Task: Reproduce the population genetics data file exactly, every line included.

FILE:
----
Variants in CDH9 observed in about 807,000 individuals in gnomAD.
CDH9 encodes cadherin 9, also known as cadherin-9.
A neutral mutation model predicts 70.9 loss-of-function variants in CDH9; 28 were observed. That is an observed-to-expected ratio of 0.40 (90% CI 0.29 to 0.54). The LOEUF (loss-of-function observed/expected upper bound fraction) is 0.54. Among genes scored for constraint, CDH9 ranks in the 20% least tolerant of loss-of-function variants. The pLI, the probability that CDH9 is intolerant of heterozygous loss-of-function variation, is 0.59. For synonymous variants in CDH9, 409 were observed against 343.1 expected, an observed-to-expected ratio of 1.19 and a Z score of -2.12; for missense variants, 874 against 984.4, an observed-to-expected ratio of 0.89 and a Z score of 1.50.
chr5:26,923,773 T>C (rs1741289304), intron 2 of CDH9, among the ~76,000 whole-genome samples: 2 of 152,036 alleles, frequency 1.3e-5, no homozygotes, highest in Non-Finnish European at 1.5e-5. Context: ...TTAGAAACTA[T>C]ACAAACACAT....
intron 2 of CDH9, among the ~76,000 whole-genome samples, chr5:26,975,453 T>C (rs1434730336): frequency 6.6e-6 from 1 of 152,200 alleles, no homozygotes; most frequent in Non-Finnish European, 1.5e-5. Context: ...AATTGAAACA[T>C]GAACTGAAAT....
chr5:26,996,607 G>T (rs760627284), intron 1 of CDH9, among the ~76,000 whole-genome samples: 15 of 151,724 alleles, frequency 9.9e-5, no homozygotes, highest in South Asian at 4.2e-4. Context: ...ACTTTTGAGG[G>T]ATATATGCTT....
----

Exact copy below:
Variants in CDH9 observed in about 807,000 individuals in gnomAD.
CDH9 encodes cadherin 9, also known as cadherin-9.
A neutral mutation model predicts 70.9 loss-of-function variants in CDH9; 28 were observed. That is an observed-to-expected ratio of 0.40 (90% CI 0.29 to 0.54). The LOEUF (loss-of-function observed/expected upper bound fraction) is 0.54. Among genes scored for constraint, CDH9 ranks in the 20% least tolerant of loss-of-function variants. The pLI, the probability that CDH9 is intolerant of heterozygous loss-of-function variation, is 0.59. For synonymous variants in CDH9, 409 were observed against 343.1 expected, an observed-to-expected ratio of 1.19 and a Z score of -2.12; for missense variants, 874 against 984.4, an observed-to-expected ratio of 0.89 and a Z score of 1.50.
chr5:26,923,773 T>C (rs1741289304), intron 2 of CDH9, among the ~76,000 whole-genome samples: 2 of 152,036 alleles, frequency 1.3e-5, no homozygotes, highest in Non-Finnish European at 1.5e-5. Context: ...TTAGAAACTA[T>C]ACAAACACAT....
intron 2 of CDH9, among the ~76,000 whole-genome samples, chr5:26,975,453 T>C (rs1434730336): frequency 6.6e-6 from 1 of 152,200 alleles, no homozygotes; most frequent in Non-Finnish European, 1.5e-5. Context: ...AATTGAAACA[T>C]GAACTGAAAT....
chr5:26,996,607 G>T (rs760627284), intron 1 of CDH9, among the ~76,000 whole-genome samples: 15 of 151,724 alleles, frequency 9.9e-5, no homozygotes, highest in South Asian at 4.2e-4. Context: ...ACTTTTGAGG[G>T]ATATATGCTT....